I don't know if one of you could tell me how much the Government of Canada is already spending annually on tax credits to companies that offer their employees a drug coverage plan.
Dr. Marc-André Gagnon:
    That's a very interesting question.
    It's important to understand that current private plans are in fact already generously funded in part by the government, by public budgets. For the Government of Canada, it is estimated that federal tax subsidies are 13% of overall spending for private plans. As for the provinces, although they don't all offer them, it's 7% or 8%. Overall, it is estimated that close to 20% of what private plans pay out are covered through tax subsidies by the various governments.
    However, I would add one important thing. Keep in mind that 30% of spending by private plans is for coverage of public servants. So it's already being covered through public budgets, to maintain plans that are not very cost-effective.
    So almost half of spending by private plans is funded by public budgets one way or another. In fact, private plans reimburse some $10 billion. Furthermore, an estimated $5.1 billion of private plans are directed toward what we call waste and toward establishing a universal public plan to ensure proper use and maximize therapeutic benefits in order to minimize waste.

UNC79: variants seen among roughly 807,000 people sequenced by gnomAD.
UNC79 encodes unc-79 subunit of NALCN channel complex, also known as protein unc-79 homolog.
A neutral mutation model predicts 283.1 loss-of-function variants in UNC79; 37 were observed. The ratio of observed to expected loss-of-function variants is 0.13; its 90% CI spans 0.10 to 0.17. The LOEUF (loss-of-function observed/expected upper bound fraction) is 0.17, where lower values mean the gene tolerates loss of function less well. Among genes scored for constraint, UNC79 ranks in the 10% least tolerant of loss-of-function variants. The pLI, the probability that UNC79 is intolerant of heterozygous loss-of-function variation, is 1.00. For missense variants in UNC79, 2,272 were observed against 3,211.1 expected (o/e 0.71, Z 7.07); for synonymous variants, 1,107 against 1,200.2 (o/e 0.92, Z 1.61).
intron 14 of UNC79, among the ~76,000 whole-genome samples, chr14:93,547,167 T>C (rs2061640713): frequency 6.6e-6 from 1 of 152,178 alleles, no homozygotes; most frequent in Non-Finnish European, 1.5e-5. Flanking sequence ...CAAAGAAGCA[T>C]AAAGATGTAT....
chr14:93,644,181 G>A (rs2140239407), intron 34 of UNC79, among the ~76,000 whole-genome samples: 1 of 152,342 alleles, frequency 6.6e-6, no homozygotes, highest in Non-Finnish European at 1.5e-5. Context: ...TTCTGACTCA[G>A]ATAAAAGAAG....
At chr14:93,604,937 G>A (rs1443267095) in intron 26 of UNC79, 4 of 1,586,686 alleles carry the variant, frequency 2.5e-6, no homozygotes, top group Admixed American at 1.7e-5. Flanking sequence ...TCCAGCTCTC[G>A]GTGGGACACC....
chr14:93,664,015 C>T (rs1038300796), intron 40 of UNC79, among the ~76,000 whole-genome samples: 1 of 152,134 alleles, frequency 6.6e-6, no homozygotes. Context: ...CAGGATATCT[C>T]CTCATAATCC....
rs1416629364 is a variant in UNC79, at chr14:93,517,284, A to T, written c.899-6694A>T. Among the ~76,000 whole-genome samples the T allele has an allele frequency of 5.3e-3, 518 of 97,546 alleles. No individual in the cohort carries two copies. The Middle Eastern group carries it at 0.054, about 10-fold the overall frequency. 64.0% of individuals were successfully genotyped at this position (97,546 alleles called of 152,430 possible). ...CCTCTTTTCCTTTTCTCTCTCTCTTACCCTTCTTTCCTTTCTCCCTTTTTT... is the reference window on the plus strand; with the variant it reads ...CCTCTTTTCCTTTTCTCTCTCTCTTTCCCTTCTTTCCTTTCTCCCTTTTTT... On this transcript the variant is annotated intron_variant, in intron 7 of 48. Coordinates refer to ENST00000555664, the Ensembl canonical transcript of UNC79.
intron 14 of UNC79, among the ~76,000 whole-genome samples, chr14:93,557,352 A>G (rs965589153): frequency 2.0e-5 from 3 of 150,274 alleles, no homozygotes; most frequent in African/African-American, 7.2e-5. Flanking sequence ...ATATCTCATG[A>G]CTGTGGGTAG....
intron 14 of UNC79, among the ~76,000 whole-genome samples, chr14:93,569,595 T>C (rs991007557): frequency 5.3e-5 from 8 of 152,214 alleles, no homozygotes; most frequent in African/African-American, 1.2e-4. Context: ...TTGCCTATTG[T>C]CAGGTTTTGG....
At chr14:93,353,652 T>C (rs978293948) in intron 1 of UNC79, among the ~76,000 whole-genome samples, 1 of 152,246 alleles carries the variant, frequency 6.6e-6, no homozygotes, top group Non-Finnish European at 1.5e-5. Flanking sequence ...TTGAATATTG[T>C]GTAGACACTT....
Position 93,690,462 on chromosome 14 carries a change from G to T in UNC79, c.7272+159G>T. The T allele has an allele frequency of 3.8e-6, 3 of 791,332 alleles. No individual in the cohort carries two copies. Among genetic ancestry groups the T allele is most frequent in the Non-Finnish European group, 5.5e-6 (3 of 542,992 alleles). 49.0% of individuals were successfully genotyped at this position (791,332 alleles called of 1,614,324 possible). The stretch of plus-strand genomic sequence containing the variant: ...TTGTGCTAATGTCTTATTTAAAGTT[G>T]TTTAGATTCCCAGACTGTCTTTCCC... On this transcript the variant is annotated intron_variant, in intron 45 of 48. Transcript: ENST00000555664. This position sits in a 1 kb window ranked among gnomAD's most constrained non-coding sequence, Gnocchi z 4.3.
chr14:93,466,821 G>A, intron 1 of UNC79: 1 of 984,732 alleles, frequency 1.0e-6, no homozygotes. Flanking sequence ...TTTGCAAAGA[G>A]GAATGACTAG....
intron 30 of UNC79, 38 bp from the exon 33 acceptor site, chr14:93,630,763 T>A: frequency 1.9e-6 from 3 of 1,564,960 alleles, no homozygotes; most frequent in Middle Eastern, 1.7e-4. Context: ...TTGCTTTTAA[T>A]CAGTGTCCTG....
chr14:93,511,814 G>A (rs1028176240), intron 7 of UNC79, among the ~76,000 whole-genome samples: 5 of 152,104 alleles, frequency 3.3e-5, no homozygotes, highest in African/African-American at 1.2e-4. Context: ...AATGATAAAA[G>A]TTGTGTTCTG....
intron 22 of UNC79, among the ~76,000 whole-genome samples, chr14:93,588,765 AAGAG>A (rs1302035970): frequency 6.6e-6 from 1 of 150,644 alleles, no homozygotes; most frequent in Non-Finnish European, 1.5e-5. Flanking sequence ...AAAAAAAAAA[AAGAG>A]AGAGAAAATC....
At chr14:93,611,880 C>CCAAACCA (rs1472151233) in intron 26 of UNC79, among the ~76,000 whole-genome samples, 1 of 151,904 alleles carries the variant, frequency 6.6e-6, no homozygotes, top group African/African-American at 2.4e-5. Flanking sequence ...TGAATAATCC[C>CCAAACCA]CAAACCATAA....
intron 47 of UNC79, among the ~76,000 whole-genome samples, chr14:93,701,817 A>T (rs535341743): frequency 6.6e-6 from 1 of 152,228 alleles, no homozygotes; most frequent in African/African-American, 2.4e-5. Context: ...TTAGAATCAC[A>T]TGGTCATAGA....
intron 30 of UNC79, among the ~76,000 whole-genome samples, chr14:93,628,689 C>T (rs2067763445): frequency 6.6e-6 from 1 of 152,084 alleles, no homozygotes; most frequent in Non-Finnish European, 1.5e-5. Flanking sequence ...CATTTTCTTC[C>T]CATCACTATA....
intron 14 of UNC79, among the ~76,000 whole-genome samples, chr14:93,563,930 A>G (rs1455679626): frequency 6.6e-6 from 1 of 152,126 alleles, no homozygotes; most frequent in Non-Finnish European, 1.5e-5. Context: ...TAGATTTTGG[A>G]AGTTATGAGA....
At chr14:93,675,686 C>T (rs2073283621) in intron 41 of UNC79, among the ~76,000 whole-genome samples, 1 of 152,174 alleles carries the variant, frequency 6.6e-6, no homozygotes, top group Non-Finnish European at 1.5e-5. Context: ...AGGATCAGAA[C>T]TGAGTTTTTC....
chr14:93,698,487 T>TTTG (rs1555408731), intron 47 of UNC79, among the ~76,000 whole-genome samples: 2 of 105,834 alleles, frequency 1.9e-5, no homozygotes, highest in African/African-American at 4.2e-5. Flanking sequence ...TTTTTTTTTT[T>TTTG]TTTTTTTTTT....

It's important to understand something about the issue of economic costs. The population can be divided in two: the employed and the unemployed. For the moment, the provinces are already setting aside funds for people who don't work, including seniors and social assistance recipients. Every province provides public funding to cover those individuals. What about people who are working, so those who are covered by private plans? So when we look at the numbers and dig a little, we can see that public funding is essential for these private plans. I think we simply need to take this public money and use it more effectively to better serve the population's needs.

  (1640)  

Ms. Brigitte Sansoucy:
    Thank you.
    Would you like to add anything, Dr. Prémont?
Dr. Marie-Claude Prémont:
    Yes, I could add something, Ms. Sansoucy.
    So, without getting into the numbers, there's something you need to understand. If a universal drug plan was set up, it wouldn't necessarily cost the government more. The public portion, as Marc-Andrée explained, is already largely subsidized or funded by the public. And for the private portion, as my two colleagues also explained, insured individuals make significant contributions, which isn't effective.
    Before Quebec introduced pharmacare generally, a report was submitted to the government that stated that introducing a public plan would not cost a penny more if the premiums being paid to private insurance were collected and used not to generate benefits for drug or insurance companies, but to finance a plan for the entire country.
    So it's wrong to say that setting up a universal public plan would cost anything. The huge amount of money that is currently being wasted in an open-format plan simply needs to be better used, as Ms. Martin explained.
Ms. Brigitte Sansoucy:
    Thank you.
    My next question is for Mr. Morgan.